The Winter Heath is not used in astrology practice.

  • spiralPlant Symbolism

    • Endurance: Erica carnea, commonly known as winter heath or spring heath, typically blooms in late winter or early spring, symbolizing enduring or overcoming adversity due to its ability to survive and thrive in cold conditions.
    • Protection: In folklore, heath plants were often considered protective, thought to guard against negative influences and to offer shelter to fairies, which would in turn bring goodwill to the household.
    • Solitude: Heath grows in expansive, often isolated patches on open ground, which can be symbolic of solitude and self-reliance.
    • Beauty: The vibrant colors of Erica carnea 'Vivellii Aurea', which can range from pinks to purples, symbolize natural beauty and an appreciation for the subtle yet vivid displays of nature.

Every 1-2 weeks
2500 - 10000 Lux
Every 2-3 years
Late winter to early spring
As needed
  • water dropWater

    Spring Heath should be watered regularly during periods of dry weather, typically receiving a thorough watering once a week. During the growing season, increase water allowance to ensure the soil remains moist but not waterlogged. Depending on the weather and soil drainage, you may need to adjust the frequency, but generally, applying about 1 gallon of water per plant is adequate. Always check the top inch of soil before watering; if it feels dry, it's time to water. During winter, reduce watering as the plant's growth slows down.

  • sunLight

    Spring Heath thrives in a spot that receives full sun to partial shade. The best light conditions include at least four to six hours of direct sunlight daily, while too much shade can lead to sparse flowering and leggy growth. An ideal spot would be one that is bright, but sheltered from the harsh, afternoon sun to prevent foliage scorch.

  • thermometerTemperature

    Spring Heath is cold hardy and can tolerate temperatures down to around 10 degrees Fahrenheit, making it suitable for many temperate regions. However, the ideal temperature range for optimal growth and flowering is between 60 and 70 degrees Fahrenheit. Prolonged exposure to temperatures above 75 degrees Fahrenheit can stress the plant, so provide some afternoon shade in hotter climates.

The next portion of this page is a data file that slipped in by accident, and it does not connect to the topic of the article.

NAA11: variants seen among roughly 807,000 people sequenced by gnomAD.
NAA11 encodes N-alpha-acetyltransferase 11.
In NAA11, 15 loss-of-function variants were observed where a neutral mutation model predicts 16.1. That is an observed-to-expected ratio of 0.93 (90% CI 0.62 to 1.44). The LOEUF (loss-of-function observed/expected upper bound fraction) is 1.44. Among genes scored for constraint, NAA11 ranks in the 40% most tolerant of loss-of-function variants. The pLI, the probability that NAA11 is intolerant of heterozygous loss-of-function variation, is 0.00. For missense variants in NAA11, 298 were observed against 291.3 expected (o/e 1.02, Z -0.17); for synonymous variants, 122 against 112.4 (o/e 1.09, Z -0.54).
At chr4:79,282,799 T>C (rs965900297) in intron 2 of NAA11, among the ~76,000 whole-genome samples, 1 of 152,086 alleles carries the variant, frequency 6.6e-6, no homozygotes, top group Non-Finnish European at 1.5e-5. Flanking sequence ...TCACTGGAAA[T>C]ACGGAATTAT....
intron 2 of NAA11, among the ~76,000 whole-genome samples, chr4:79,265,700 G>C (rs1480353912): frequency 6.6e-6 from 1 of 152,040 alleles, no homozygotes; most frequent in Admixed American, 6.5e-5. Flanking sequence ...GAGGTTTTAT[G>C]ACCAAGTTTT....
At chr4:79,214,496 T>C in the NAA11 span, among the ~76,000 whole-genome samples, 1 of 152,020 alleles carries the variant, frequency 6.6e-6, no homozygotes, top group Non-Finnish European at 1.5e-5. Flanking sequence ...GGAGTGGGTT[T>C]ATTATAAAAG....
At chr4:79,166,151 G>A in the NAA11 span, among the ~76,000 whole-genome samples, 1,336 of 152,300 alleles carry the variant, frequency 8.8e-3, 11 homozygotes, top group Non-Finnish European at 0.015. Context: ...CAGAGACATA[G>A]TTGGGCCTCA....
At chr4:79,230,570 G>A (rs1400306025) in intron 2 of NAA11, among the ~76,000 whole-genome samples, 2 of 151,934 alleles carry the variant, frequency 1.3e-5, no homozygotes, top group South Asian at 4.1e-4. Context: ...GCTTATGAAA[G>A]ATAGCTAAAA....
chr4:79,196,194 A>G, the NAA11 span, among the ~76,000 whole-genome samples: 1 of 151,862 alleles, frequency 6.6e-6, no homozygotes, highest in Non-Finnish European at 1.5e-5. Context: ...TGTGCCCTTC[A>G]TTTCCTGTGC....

• scissorsPruning

    Spring Heath should be pruned to maintain its compact shape and encourage vigorous flowering. Pruning is best done immediately after flowering, usually in late spring. Remove any dead or diseased branches, and lightly trim back the spent flowers to promote new growth. Annual pruning will keep the plant looking tidy and healthy.

  • broomCleaning

    As needed

  • bambooSoil

    Winter Heath (Erica carnea 'Vivellii Aurea') thrives in well-draining, acidic soil with a pH between 4.5 and 6.0. The best soil mix can be made of equal parts peat moss, coarse sand, and loamy garden soil to ensure proper drainage and the right acidity. Adding a bit of compost can provide slight enrichment, but keep the mix predominantly acidic to match the plant's natural heathland habitat.

  • plantRepotting

    Winter Heath should be repotted every two to three years to refresh the soil and provide room for growth. The best time to repot is after flowering in late spring, allowing the plant to settle into its new container before the winter months.

  • water dropsHumidity & Misting

    Winter Heath prefers moderate humidity levels, typical of its natural habitat. While it can tolerate lower indoor humidity levels, it should not be in an overly dry environment. A range between 40-60% is generally suitable.

  • pinSuitable locations

    • Indoor

      Ensure acidic soil, bright light, and cool temps for indoor Winter Heath.

    • Outdoor

      Plant in well-draining, acidic soil in a sunny spot for outdoor Winter Heath.

    • Hardiness zone

      5-7 USDA

  • circleLife cycle

    Erica carnea 'Vivellii Aurea', commonly known as Spring Heath, begins its life cycle as a seed, emerging in spring with germination occurring under warm, moist conditions. Seedlings develop into small shrubs with needle-like foliage that may turn gold in bright sunlight. Over several years, the shrub grows and matures, producing abundant bell-shaped flowers in late winter to early spring. After pollination, typically by bees and other insects, the flowers produce small capsules containing numerous seeds. The plant eventually reaches a mature size and can continue to flower and set seed annually, given appropriate conditions. As a perennial, Spring Heath can live for many years, with the oldest specimens persisting and propagating through layering as well as seed dispersal.

  • sproutPropogation

    • Propogation time

      Late winter to early spring

    • Propogation: Erica carnea 'Vivellii Aurea', commonly known as winter heath, is typically propagated through semi-hardwood cuttings. The best time to take these cuttings is in late summer after the plant has finished flowering and the new growth has started to harden. With a sharp knife or pruners, a gardener should cut a 2 to 4 inch (approximately 5 to 10 centimeters) length of stem, ensuring there are several sets of leaves. The lower leaves are removed and the base of the cutting is often dipped in rooting hormone to encourage root development. Then, the cutting is placed in a pot filled with a well-draining, sandy soil mix. The cutting should be watered well and placed in a bright, indirect light until roots establish and it can be transplanted outside.